It’s a challenge every month to spot the New Moon after sunset by naked eye (or eyeglasses) as early as possible. I use the term New Moon in its classical sense of one’s first sighting of the Moon after its monthly solar conjunction (Dark Moon). The Dark Moon (which some call New Moon) will in geocentric longitudinal conjunction with the Sun on 2018 JUN 13 at 19:43 UT (14:43 CDT).
During the half year prior to the Summer Solstice, sighting a very young Moon is usually easiest. Many North American observers with clear skies should be able to spot the crescent Moon aged more than a day after sunset on Thursday, June 14. See my New Moon Spotting graphics listed above.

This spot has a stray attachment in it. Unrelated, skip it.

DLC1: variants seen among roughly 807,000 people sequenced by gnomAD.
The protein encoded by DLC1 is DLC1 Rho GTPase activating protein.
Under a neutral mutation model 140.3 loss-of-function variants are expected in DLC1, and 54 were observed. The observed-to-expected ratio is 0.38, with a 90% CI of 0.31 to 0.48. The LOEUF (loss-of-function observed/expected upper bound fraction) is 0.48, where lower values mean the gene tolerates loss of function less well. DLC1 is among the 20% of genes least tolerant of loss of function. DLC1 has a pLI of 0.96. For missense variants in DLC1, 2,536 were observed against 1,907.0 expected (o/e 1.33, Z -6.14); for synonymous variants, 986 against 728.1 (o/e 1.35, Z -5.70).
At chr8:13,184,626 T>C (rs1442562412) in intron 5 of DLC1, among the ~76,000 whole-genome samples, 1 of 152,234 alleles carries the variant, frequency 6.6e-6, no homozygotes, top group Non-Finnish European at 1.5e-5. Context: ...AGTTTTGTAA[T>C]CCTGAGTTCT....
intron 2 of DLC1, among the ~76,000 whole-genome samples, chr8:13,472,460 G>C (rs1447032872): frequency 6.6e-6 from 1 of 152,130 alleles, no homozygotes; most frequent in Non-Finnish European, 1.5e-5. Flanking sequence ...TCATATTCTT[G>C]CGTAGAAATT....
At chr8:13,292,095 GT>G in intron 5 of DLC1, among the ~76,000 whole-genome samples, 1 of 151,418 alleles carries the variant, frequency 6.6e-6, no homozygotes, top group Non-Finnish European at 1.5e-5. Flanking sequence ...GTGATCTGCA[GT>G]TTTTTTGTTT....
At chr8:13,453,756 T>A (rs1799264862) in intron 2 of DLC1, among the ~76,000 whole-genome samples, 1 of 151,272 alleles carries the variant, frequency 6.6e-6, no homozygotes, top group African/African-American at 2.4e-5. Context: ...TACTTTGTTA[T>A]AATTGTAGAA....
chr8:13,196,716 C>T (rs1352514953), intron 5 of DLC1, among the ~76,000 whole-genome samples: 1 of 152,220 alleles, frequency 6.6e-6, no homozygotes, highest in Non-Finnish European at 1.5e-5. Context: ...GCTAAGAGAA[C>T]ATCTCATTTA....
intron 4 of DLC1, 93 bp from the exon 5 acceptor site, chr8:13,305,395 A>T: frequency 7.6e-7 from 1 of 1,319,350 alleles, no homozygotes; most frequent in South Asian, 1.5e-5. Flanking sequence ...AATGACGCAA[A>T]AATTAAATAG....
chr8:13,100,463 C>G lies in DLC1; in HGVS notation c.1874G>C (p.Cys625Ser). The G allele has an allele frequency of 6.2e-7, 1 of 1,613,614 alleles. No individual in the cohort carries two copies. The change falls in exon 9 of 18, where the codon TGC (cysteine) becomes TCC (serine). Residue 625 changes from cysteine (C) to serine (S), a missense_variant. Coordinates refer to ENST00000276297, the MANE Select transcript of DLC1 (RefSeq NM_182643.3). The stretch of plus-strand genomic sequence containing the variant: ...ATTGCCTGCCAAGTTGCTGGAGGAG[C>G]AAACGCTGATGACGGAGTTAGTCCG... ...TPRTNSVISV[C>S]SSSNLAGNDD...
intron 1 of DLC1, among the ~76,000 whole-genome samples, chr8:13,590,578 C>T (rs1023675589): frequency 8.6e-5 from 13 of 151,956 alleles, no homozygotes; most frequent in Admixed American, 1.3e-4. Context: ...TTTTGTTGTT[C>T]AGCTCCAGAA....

Also above is a link to a panorama including all Diana’s Bows in 2018. Those are waxing crescent Moons about 10% illuminated and aged about three days. The name is a reference to the archery equipment of the ancient Roman Goddess of Hunting and the Moon. The graphic nicely illustrates how the season of the year affects the viewing of a waxing crescent Moon.
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